Looking for a little more inspiration? Check out our two favorite books on America’s National Parks. They’re great for planning your next park visit!
As you head further into the park, you’ll discover more about why this park is unique, including the petrified wood that is its namesake.
As you take in some of these landscapes, you might wonder if you’ve been transported to another planet.
Further down the road is the Agate Bridge, which is an enormous petrified tree that has fallen and spans a gully. The kids loved climbing around this area of the park.
Puerco Pueblo is an ancient Pueblo village site that existed in the 1300’s. The trail to explore this site is short and mostly paved. Here you’ll be able to see the ruins of the site, as well as petroglyphs and other signs of Pueblo culture.
Rainbow Forest Museum and Visitor Center
Eventually, you’ll arrive at the Rainbow Forest Museum and Visitor Center. Plan on spending some time at this museum to learn about the geologic history of this park and to hike the trails around the museum. This is where you can find some incredible examples of the forest that used to exist here. The kids had a blast climbing and rambling around the logs and trees. It’s an impressive way to end your visit to the park.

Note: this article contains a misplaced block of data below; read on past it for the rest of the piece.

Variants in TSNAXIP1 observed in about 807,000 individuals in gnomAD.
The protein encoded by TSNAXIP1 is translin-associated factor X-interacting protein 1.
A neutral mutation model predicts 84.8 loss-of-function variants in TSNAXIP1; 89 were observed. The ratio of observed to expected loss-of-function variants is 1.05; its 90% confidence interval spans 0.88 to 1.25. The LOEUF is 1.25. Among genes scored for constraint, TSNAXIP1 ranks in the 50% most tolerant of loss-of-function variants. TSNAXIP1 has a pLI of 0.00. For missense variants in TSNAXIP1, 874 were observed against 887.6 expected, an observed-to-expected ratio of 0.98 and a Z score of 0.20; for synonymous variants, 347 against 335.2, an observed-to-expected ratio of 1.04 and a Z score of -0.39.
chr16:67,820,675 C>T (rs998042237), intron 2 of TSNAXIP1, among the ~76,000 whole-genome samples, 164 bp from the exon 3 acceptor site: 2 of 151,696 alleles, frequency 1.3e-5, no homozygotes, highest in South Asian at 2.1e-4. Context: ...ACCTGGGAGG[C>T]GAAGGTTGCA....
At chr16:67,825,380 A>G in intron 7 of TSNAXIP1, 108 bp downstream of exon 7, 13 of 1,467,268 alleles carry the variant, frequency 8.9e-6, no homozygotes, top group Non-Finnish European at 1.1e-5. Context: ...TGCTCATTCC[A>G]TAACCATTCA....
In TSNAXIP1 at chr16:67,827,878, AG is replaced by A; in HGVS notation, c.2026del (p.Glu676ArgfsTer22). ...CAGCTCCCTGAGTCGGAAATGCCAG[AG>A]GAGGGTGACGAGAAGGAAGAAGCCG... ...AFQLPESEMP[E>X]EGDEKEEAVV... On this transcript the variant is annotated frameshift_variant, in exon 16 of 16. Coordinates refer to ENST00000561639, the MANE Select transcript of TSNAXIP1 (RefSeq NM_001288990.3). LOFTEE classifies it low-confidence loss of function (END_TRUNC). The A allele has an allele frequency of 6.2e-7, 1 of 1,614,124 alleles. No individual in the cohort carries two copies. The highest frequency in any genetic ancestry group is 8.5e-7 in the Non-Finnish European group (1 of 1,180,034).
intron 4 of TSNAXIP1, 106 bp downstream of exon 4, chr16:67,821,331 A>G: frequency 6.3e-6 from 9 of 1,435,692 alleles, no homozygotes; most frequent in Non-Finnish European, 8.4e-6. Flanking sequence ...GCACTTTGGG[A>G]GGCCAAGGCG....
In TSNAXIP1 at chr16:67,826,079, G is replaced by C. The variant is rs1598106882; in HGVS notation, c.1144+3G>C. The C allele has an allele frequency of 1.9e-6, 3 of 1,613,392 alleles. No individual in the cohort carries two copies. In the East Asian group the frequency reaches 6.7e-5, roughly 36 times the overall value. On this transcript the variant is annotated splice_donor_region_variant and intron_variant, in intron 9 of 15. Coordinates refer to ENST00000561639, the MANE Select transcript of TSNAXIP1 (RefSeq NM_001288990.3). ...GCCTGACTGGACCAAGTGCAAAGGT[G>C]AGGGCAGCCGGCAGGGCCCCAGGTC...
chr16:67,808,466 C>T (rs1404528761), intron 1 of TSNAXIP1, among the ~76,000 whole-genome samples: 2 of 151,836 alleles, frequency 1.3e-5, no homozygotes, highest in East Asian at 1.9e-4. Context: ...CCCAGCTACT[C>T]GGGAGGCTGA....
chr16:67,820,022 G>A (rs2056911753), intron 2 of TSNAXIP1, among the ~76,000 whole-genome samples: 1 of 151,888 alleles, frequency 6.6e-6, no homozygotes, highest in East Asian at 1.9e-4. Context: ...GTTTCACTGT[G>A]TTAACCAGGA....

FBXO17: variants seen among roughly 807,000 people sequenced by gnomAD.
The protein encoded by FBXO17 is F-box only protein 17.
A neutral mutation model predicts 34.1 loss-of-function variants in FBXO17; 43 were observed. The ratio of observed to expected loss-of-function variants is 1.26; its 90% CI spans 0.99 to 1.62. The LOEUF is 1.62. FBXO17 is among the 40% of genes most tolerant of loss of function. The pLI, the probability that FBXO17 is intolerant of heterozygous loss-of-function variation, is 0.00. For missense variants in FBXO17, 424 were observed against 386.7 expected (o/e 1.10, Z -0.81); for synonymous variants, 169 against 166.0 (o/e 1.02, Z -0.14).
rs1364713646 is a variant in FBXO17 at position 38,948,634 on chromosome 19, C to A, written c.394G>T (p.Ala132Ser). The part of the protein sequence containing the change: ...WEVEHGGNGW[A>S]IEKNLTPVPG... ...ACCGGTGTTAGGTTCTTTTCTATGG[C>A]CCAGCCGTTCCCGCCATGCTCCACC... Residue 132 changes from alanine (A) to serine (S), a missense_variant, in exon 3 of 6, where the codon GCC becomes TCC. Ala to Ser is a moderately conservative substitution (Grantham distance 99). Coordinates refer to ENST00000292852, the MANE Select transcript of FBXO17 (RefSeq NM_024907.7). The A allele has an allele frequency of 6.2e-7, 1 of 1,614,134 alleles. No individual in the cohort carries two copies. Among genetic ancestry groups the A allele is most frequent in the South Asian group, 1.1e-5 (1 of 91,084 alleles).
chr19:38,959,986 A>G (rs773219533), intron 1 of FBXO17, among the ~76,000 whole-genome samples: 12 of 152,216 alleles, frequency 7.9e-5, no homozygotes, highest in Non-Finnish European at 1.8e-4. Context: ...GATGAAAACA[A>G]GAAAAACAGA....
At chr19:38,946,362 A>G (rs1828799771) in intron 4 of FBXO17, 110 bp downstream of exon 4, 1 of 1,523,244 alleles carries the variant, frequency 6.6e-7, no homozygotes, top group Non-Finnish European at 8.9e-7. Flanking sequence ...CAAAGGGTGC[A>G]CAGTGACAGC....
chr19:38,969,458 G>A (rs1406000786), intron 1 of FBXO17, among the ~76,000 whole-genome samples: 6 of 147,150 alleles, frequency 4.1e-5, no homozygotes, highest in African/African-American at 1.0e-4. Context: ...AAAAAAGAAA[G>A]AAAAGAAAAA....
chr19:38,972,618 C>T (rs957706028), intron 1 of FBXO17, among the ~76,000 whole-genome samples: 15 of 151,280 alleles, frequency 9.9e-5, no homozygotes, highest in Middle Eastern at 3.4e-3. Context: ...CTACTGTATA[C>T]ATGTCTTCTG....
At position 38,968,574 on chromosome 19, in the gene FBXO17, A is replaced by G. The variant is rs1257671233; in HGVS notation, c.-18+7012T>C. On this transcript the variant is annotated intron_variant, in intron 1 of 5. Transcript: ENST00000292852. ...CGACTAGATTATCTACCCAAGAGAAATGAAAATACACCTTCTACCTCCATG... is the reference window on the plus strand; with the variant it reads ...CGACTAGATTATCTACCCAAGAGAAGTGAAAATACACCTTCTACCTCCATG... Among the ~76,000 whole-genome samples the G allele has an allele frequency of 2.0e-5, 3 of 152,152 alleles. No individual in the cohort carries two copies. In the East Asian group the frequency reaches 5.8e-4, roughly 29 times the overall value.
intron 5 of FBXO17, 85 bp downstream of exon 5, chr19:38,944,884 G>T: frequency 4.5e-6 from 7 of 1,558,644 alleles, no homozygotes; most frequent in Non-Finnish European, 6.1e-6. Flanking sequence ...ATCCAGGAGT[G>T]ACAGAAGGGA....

If you have time, come back to Blue Mesa on your way out of the park as the sun is setting. You’ll see some incredible colors and get some beautiful photos.
There are some great trails in the area that provide some unforgettable views. It was a highlight of our day here in Petrified Forest National Park.
Getting to Petrified Forest National Park
The park has a north and south entrance with about 30 miles in between the two. Visitors from the north will take exit 311 on Interstate 40. The south entrance can be reached from state highway 180.
Petrified Forest National Park Hours
The park is open all year, except on Christmas Day. The main road and the visitor centers are open from 7 a.m. to 6 p.m.
Entrance Fees for Petrified Forest National Park
Auto/7-day park pass – $20.00
Bike/per person – $10.00 (per person)
Motorcycle – $15.00 (flat fee)
Petrified Forest National Park Annual Pass – $40.00
Petrified Forest National Park camping
Backcountry camping is allowed at the park and permits are free. Check here for more information.
Petrified Forest National Park Hotels
There are no hotels within the park. However, lodging can be found in the nearby town of Holbrook about twenty minutes west of the Rainbow Forest Museum on highway 180.
Albuquerque, New Mexico is about a 3-hour drive east on I-40 and is where we drove from to visit the park. Be sure to read about our adventures in Albuquerque here.
Petrified Forest National Park – another great family adventure!
We hope we’ve inspired you to visit this awesome park. It’s easy to get to, and can be explored in a day, which makes it ideal for families (especially road-tripping families!).
Have you visited Petrified Forest before? What was your favorite part?